A dodgy patch has left a bunch of Windows systems open to attack

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Microsoft has revealed a botched update has disabled endpoint security protections across a large number of Windows-based systems.

Although PCs running Windows 10 and Windows 11 are unaffected, the offending patch has left devices running Windows Server 2019 and 2022 open to attack.

“After installing KB5007205 or later updates, Microsoft Defender for Endpoint might fail to start or run on devices with a Windows Server Core installation,” warned Microsoft, in a post on the Windows Server health dashboard.

The company says it is currently developing a patch to address the problem, but did not respond immediately to our request for clarification as to when customers can expect the issue to be fixed.

More Windows security problems

Unfortunately, this isn’t the only issue introduced during the latest round of Windows updates. Microsoft was also forced to roll out a fix for a bug that was preventing Kaspersky antivirus apps from opening after updates were installed using the Microsoft Installer.

Unlike the Windows Server issue, this problem affected regular users running Windows 10 and 11, as well as businesses.

“After the installation of a Windows update Kaspersky Endpoint Security for Windows keeps functioning correctly and the security of the system remains intact. However, errors may occur at attempts to upgrade the application, install a private patch or change the scope of the application components,” wrote Kaspersky in a support document.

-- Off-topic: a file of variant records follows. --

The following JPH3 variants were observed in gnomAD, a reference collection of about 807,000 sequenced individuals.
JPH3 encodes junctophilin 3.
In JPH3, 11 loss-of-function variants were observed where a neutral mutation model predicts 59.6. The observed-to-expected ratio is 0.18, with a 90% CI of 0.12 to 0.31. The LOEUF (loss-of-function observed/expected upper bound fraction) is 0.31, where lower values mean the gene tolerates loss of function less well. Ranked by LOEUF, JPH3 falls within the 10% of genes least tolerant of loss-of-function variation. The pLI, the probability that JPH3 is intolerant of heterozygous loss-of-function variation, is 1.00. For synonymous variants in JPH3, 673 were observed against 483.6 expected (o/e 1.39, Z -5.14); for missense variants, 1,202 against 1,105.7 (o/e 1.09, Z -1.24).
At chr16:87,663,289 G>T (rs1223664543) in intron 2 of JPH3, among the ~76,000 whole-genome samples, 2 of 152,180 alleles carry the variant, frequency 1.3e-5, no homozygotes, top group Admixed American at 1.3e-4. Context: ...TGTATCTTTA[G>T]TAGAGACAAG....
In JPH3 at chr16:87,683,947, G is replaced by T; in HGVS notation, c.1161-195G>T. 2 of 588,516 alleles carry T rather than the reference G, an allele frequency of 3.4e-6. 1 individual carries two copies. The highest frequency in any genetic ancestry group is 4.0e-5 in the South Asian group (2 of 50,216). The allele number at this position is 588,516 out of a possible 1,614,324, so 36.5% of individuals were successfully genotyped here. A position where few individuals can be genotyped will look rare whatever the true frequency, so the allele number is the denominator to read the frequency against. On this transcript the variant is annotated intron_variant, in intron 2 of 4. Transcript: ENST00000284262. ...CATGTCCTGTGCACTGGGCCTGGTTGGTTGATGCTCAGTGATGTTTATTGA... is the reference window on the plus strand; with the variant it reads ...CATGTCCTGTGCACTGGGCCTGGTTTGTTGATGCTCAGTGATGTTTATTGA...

Separately, security researchers at Trend Micro disclosed an exploit for a zero-day vulnerability that could allow an attacker to seize admin privileges across all supported versions of Windows.

Microsoft attempted to remedy a connected problem as part of the most recent Patch Tuesday, but analysis of the patch revealed a bypass that led to this new, more dangerous privilege elevation vulnerability.

Via Bleeping Computer

Joel Khalili
News and Features Editor

Joel Khalili is the News and Features Editor at TechRadar Pro, covering cybersecurity, data privacy, cloud, AI, blockchain, internet infrastructure, 5G, data storage and computing. He's responsible for curating our news content, as well as commissioning and producing features on the technologies that are transforming the way the world does business.